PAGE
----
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The Fall of Tiger Woods

Not too long ago he was mentioned in the same breath as Muhammad Ali and Michael Jordan. He’s not anymore.

While mindlessly scrolling through Instagram on Memorial Day, a picture posted by Barstool Sports stopped me dead in my tracks. Staring back at me was Tiger Woods, but not from some promo for an upcoming major golf tournament. The image that transfixed me was a mugshot. Although the picture didn’t look familiar, the accompanying caption, which poked fun at the golfer’s infamous penchant for infidelity, made me reconsider its legitimacy.

Naturally, I opened Twitter to find out. My feed was blowing up with the breaking news: Tiger Woods Arrested for DUI in Jupiter, Florida. It sunk in as I scoured over each report by ESPN, Yahoo, CBS, and NBC. My initial reaction wasn’t one of shock — as it was in 2009 when Tiger crashed his Escalade into a fire hydrant in the wee hours of the morning — or even surprise; rather, I shrugged off the arrest while considering all of the well-known athletes who’ve suffered through worse.

My nonchalance lasted less than an hour. By the time I went back on Instagram my feed was flooded with Tiger Woods — specifically, a continuous scroll of Tiger memes featuring the mugshot as the centerpiece.

For some reason, in that moment, I was overcome by a feeling of unshakeable pity. As I stared at the endless display of mugshots, I couldn’t help but think about the color red.

While I couldn’t tell you what my earliest experience hearing about, or watching, Tiger Woods was like, I know for certain that I first encountered golf through him.

As a kid, my mom’s family — eight siblings and 14 grandkids — would go to my Grandma and Grandpa’s for weekend get-togethers. During the spring and summer, Sunday Dinners took place every week, and it felt like every major golf championship was decided in the same living room — with the men crowding around the old-school box-set while my Grandpa sat reclined in his La-Z-Boy.

Although I always made sure to get a view of the TV during the biggest sporting events that were witnessed in that room, golf was the exception. That changed in 2000, which is when I first laid eyes on Tiger Woods.

For an 8 year old, Woods represented an image far different than the one I had forever associated with golf — that of old, unathletic white men wearing dull colors that matched their grey hair, while carrying themselves in a quiet manner.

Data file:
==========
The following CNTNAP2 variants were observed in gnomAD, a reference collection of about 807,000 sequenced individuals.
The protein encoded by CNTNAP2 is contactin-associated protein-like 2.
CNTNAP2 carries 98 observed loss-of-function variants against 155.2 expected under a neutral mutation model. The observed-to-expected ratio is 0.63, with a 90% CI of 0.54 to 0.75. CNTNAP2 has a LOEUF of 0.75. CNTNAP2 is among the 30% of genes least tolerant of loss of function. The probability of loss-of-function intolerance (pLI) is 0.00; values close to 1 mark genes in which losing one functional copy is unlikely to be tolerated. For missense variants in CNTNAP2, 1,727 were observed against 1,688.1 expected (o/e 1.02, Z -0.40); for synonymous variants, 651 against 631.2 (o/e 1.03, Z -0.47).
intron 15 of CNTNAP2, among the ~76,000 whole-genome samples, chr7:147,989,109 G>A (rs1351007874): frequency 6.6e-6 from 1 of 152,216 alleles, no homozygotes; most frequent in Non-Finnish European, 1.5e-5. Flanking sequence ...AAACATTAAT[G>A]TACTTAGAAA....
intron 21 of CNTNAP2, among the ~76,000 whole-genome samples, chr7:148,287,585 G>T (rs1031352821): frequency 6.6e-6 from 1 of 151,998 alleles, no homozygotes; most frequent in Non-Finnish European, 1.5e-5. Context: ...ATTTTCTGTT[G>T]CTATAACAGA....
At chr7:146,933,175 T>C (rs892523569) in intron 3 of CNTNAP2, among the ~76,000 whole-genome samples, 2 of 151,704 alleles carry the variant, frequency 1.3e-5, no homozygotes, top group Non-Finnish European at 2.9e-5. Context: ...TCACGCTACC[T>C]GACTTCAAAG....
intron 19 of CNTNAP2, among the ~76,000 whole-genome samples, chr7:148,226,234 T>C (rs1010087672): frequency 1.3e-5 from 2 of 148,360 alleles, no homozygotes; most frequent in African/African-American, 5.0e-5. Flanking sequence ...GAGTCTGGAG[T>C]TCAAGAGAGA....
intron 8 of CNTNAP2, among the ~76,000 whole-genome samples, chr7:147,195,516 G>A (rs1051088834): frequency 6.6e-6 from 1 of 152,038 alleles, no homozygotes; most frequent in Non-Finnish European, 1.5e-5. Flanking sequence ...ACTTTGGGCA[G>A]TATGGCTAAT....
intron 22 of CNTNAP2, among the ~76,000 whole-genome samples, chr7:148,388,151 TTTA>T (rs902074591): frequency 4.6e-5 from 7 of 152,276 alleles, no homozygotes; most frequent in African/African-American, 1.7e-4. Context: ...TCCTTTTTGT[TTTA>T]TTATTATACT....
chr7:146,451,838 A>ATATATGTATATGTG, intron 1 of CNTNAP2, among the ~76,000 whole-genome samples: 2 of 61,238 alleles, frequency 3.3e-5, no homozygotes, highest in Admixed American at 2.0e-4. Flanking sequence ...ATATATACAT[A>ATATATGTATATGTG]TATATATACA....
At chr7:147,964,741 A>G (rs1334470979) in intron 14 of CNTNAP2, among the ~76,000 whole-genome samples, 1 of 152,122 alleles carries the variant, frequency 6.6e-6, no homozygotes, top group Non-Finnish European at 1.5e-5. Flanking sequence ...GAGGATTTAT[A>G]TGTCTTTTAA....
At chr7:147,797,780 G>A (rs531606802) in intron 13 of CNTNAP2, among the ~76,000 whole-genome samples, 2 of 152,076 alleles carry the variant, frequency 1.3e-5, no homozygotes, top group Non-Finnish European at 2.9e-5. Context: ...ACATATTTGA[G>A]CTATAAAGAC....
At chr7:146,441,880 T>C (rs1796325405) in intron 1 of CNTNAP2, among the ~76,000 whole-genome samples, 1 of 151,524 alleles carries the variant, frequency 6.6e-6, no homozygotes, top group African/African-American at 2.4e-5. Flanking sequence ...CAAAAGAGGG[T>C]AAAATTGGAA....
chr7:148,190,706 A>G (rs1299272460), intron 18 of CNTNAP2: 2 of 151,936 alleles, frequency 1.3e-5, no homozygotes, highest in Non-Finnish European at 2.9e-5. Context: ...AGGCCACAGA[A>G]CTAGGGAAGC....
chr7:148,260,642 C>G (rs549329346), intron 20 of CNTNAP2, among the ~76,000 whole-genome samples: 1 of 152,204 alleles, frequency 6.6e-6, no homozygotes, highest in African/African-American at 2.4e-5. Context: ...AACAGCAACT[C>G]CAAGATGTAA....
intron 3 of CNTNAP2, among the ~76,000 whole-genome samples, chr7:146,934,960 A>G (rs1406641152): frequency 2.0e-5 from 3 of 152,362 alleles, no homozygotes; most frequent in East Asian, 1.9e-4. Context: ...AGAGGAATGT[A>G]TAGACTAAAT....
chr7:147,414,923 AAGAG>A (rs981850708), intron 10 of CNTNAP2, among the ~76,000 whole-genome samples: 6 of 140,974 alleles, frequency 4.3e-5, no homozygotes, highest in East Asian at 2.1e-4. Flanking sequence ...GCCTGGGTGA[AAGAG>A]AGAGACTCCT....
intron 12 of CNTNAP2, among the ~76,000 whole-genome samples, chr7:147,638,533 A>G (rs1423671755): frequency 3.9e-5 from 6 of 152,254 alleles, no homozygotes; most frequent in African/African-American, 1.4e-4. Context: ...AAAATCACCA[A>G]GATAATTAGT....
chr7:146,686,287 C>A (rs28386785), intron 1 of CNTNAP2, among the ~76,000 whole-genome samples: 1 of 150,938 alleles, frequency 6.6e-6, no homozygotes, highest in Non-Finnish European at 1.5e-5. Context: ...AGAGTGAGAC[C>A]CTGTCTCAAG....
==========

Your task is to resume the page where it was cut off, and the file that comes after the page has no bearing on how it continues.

Tiger was the complete opposite. There was an energy to him. He looked like he was having fun — at golf! On top of that, he had a cool name and was always dripping in Nike apparel. His emergence was like a jolt of youthful exuberance into the heart of a Senior Citizen’s Club.

The beginning of my Tiger obsession coincided with his first career peak. From 2000–01, he won four straight majors — 2000 U.S. Open (highlighted by a record-setting 15-stroke win), 2000 Open Championship, 2000 PGA Championship, and 2001 Masters — becoming the first golfer to hold all four major championships at the same time.

In 2002, Tiger won his second consecutive Masters and third overall, followed by a win in the 2002 U.S. Open. At the time, Tiger was 27 years old, with 8 majors (fifth-most ever) and 3 Green Jackets (third-most ever). At that moment, the impossible expectations that fell on him since the 1997 Masters became imaginable. Going forward his career would be measured against the GOAT — Jack Nicklaus.

Following a stellar 2001 and 2002, Woods’ career hit its first slump. After failing to win a major in 2003 and 2004, Tiger’s record streak — 264 consecutive weeks as the #1 ranked golfer in the world — ended. The golf world was puzzled by his struggle, attributing it to a rift with his swinging coach and/or his recent engagement and marriage. For the first time in his young career, Tiger entered the peak of his prime with his back against the wall. In retrospect, it was an obstacle that paved the way for the most iconic moment of his career.

The 2005 Masters was the first major Tiger headed into without the #1 ranking since the 1997 U.S. Open. Playing against a competitive field, Tiger found himself four strokes back of leader Chris DeMarco heading into the final round. On the back nine, after Tiger quickly turned a four-shot deficit into a three-shot lead, DeMarco cut it to one-stroke as both golfers walked to 16. On the par-3 hole, DeMarco sat comfortably in the center of the green — 15 feet out for a birdie — while Tiger hit his first tee shot into the rough.

CBS commentators called it “the toughest pitch on the course.” Facing a potential bogey, Tiger got the ball up in the air, landing it on the hill, from which it slowly rolled down to the hole where it rested for what seemed like an eternity, before finally falling in.

For as much as I remember the unfathomable chip-in, I’ll never forget what happened immediately after: Tiger, dressed in his signature red Nike shirt and black Nike hat, unleashing his famous fist-pump while the peanut gallery erupted behind him — an electricity never duplicated on a golf course. Twelve years on, it serves as the most exquisitely cinematic moment in golf history.